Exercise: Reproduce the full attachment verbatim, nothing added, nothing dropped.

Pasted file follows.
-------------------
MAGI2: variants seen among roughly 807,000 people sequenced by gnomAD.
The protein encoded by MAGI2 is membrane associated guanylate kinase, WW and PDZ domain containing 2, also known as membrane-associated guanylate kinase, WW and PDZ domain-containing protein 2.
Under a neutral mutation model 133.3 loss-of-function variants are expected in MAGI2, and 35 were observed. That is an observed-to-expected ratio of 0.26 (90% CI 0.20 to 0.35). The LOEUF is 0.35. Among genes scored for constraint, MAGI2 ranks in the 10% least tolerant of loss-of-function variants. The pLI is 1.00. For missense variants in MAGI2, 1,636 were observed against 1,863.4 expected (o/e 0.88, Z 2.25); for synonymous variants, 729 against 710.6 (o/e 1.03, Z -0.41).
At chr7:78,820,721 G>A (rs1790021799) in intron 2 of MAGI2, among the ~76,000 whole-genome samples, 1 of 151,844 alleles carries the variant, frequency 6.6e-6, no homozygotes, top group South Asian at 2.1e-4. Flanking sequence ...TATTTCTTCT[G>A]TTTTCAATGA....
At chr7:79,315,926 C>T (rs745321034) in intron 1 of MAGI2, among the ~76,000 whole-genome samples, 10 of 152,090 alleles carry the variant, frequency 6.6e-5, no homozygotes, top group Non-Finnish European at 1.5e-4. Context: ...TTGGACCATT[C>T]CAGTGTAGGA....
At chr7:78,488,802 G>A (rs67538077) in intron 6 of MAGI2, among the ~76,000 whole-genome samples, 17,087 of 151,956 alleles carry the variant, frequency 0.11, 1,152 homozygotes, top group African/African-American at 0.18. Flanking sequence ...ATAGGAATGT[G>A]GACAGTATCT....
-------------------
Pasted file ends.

MAGI2: variants seen among roughly 807,000 people sequenced by gnomAD.
The protein encoded by MAGI2 is membrane associated guanylate kinase, WW and PDZ domain containing 2, also known as membrane-associated guanylate kinase, WW and PDZ domain-containing protein 2.
Under a neutral mutation model 133.3 loss-of-function variants are expected in MAGI2, and 35 were observed. That is an observed-to-expected ratio of 0.26 (90% CI 0.20 to 0.35). The LOEUF is 0.35. Among genes scored for constraint, MAGI2 ranks in the 10% least tolerant of loss-of-function variants. The pLI is 1.00. For missense variants in MAGI2, 1,636 were observed against 1,863.4 expected (o/e 0.88, Z 2.25); for synonymous variants, 729 against 710.6 (o/e 1.03, Z -0.41).
At chr7:78,820,721 G>A (rs1790021799) in intron 2 of MAGI2, among the ~76,000 whole-genome samples, 1 of 151,844 alleles carries the variant, frequency 6.6e-6, no homozygotes, top group South Asian at 2.1e-4. Flanking sequence ...TATTTCTTCT[G>A]TTTTCAATGA....
At chr7:79,315,926 C>T (rs745321034) in intron 1 of MAGI2, among the ~76,000 whole-genome samples, 10 of 152,090 alleles carry the variant, frequency 6.6e-5, no homozygotes, top group Non-Finnish European at 1.5e-4. Context: ...TTGGACCATT[C>T]CAGTGTAGGA....
At chr7:78,488,802 G>A (rs67538077) in intron 6 of MAGI2, among the ~76,000 whole-genome samples, 17,087 of 151,956 alleles carry the variant, frequency 0.11, 1,152 homozygotes, top group African/African-American at 0.18. Flanking sequence ...ATAGGAATGT[G>A]GACAGTATCT....